This intentional approach has allowed Websmith to focus on quality of service and client retention, something Rogers takes pride in. The payoff? Attracting large clients like her alma mater, Virginia Commonwealth University, New York Presbyterian Hospital, University of Colorado Hospital, Mt. Sinai Hospital and others. “We do a lot of work for health care and research institutions. We help them to execute their software ideas,” Rogers says.
Rogers likes being a woman-owned tech business because it positions her uniquely in the industry. “I get to stand out a little more,” she says. She has been featured in multiple regional and national publications, such as Entrepreneur.com, the Wall Street Journal, Reader’s Digest and others. In 2015, she was named Entrepreneur of the Year by the Metropolitan Business League.
Rogers says that minority entrepreneurs need to plan before before taking the leap into business ownership. She encourages all businesses to make financial projections and determine operational costs. Owners need to know “how they’re going to make money before they spend money.” She also suggests forming an informal advisory board, which will help vet ideas and avoid pitfalls.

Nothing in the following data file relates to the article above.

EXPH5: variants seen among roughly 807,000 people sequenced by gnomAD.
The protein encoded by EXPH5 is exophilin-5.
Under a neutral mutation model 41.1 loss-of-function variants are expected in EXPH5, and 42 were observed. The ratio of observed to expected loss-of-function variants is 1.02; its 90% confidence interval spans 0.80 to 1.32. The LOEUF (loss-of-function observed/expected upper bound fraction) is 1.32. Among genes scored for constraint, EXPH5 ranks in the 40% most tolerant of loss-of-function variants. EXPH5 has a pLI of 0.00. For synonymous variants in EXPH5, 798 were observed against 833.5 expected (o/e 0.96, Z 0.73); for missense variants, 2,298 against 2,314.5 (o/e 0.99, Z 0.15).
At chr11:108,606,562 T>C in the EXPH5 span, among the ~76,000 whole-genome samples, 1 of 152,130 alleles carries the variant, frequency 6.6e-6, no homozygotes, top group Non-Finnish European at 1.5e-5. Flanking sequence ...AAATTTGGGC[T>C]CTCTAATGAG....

When it comes to resources for black business owners, Rogers recommends networking and training hubs such as the Metropolitan Business League, a minority business development organization, which helps black-owned businesses connect, learn together and grow. She believes Richmond could do more to support minority businesses.